Everyone I spoke with acknowledged that such an event would be terrible and that the community would take action. However, a number of people felt that if the victim had “any skeletons in their closet” that the community action and the community buy-in would be severely compromised. They felt especially powerful about this view if the violated individual was a member of a marginalized population (broadly defined).

That is to say that if the victim was a member of a marginalized population the stereotypes, perceptions, and biases of some less socially conscious community members might significantly undermine the efforts of the greater community. To me this is a call to re-evaluate the manner in which we structure our conversations, moderated and informal.

Last week, for example, the town hall meeting “The Crisis in Ferguson” was a well-attended event with a broad cross-section of campus present. The overwhelming perception I received from the attendees whom spoke with me informally was that the conversation could have been structured more effectively. Some attendees felt discouraged by the lack of a clear stated “continuation plan.” I have since been informed that CIASS and other campus entities are actively working to rectify this situation.

Some individuals and groups in the broader community have taken advantage of the opportunity presented to speak, hold forums, or engage formally or informally with others to discuss any number of relevant social, ideological, or justice related themes which they view as relevant to the broader community.

We have a well-established and respected group of scholars, activists, student leaders, and Allegheny and Meadville community members dedicated to social justice issues. I encourage everyone, in whatever way you are capable, to engage in social justice and advocacy opportunities. To that end we need to have continuing, meaningful, open, and substantive conversations related to issues.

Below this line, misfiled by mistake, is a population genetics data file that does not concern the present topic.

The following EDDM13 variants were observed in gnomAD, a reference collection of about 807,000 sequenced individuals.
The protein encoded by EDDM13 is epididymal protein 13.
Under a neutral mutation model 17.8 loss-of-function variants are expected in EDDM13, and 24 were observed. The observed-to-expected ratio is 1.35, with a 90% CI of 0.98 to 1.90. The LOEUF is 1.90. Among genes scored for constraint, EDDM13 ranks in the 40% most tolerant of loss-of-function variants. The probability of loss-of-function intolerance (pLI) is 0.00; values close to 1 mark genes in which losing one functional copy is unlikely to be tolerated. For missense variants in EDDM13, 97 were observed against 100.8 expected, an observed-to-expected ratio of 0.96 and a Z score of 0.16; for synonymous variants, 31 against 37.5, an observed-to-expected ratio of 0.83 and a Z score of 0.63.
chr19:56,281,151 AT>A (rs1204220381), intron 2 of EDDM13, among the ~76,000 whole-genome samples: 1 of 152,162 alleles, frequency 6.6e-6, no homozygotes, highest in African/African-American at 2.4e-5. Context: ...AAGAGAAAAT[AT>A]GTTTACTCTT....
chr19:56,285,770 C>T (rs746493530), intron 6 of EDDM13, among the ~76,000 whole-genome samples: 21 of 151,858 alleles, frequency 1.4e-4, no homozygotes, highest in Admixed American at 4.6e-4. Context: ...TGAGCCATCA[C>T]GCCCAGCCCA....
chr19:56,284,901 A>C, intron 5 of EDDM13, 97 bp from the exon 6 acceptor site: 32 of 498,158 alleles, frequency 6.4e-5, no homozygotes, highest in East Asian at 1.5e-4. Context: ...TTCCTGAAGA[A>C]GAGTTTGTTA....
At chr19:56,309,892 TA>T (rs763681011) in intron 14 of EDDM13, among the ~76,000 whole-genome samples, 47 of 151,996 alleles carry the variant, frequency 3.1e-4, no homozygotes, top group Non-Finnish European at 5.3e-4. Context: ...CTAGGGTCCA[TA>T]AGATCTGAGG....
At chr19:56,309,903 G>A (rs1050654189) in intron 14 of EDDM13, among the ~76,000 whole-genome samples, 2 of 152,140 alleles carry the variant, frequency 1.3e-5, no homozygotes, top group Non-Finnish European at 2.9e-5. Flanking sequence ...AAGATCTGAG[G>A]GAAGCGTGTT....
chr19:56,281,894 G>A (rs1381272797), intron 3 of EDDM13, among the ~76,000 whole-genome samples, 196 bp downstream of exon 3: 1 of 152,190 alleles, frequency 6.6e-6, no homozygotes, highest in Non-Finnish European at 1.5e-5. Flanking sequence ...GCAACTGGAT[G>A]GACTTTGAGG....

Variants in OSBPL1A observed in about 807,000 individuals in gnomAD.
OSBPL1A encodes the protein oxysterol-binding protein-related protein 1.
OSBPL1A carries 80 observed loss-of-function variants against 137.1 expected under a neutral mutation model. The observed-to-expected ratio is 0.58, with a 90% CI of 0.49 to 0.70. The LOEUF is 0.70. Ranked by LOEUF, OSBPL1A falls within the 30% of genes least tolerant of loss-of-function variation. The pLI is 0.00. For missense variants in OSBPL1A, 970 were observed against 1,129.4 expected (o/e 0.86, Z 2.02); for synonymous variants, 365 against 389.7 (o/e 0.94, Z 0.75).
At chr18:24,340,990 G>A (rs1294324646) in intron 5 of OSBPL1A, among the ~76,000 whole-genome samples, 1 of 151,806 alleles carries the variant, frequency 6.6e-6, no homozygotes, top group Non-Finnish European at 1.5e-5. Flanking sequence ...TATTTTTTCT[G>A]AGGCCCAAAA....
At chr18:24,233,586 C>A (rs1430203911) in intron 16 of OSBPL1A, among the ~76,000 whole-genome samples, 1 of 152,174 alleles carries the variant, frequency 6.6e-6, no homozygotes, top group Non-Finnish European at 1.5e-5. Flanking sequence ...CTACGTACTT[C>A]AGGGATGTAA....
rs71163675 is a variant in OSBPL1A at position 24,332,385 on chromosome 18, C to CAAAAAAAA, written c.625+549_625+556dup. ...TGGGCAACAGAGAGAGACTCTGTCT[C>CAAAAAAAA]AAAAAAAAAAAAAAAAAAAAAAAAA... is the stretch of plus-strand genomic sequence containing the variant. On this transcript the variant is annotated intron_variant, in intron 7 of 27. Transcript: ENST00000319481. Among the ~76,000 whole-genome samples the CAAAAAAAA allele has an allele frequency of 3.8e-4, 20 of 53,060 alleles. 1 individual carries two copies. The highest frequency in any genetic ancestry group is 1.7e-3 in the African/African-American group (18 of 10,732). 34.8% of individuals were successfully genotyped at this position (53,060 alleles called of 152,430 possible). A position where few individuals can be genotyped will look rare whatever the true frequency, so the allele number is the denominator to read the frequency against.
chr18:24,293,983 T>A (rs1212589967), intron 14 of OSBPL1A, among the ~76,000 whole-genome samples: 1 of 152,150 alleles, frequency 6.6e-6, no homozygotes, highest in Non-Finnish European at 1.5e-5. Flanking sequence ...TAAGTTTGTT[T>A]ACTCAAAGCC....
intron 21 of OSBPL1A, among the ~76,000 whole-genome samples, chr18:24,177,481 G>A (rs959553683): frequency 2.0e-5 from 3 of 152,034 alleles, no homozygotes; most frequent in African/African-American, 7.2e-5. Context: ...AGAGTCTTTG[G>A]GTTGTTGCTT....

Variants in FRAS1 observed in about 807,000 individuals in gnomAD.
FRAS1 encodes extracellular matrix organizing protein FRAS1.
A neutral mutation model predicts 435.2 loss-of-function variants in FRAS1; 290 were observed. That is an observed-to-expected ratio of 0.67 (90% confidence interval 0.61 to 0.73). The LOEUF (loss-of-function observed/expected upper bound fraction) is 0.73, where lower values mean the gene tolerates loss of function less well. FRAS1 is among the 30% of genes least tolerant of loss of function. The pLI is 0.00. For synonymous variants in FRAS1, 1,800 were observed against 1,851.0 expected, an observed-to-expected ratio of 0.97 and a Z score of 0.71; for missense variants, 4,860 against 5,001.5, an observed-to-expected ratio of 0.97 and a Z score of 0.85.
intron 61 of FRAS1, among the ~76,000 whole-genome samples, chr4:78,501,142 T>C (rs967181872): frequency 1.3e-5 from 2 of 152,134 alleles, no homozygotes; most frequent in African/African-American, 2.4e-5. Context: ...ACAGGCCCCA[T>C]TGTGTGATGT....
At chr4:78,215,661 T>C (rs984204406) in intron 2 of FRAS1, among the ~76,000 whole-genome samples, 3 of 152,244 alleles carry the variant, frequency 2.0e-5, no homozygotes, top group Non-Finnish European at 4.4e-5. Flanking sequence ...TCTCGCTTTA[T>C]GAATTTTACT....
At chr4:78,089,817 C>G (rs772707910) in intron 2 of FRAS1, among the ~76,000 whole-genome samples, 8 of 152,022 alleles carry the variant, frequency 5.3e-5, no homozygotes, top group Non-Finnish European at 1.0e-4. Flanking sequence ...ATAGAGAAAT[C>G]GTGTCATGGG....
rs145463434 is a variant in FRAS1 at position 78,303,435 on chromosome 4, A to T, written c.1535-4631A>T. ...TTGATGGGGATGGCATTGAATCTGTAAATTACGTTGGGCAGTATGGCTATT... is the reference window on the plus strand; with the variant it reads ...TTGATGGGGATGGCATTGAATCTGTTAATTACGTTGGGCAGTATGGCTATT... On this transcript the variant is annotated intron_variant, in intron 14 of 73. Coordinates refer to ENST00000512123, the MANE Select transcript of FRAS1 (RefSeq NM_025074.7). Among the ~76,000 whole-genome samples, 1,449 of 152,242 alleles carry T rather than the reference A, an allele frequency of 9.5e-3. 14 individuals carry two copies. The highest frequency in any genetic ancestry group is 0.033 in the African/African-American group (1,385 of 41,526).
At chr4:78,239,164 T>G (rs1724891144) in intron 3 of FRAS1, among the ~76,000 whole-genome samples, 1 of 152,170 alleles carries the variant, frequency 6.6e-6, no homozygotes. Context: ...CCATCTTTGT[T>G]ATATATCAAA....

Too often I have left forums, discussions, and meetings related to important topics more confused, frustrated, and distraught than when I first arrived. It is my opinion we lose opportunities and some momentum on socially relevant community topics due to the tendency to “preach to the converted,” those who are already engaged in work or topics. I would personally prefer and have requested for all events which I am involved in to have someone record the event so that the message and content of the presentation can be carried into another forum or used as reference to those not able to attend.

Many community members are busy and do not get to engage in our community as actively as we wish sometimes and another portal of open conversation can be useful for those who want to engage.  Some of my fellow community members are not in favor of this approach of having a permanent record of the conversation in audio or video format.  I respect that perspective. Their argument has been if the event is recorded in any fashion, fewer individuals will engage in forums and those who do attend will feel intimidated into not speaking. I see the recordings as a starting point for larger open and substantive discussion beyond the one-time event.

I am proud of my membership in the Allegheny and Meadville communities. However, I think we can continue to grow, develop, and achieve greater.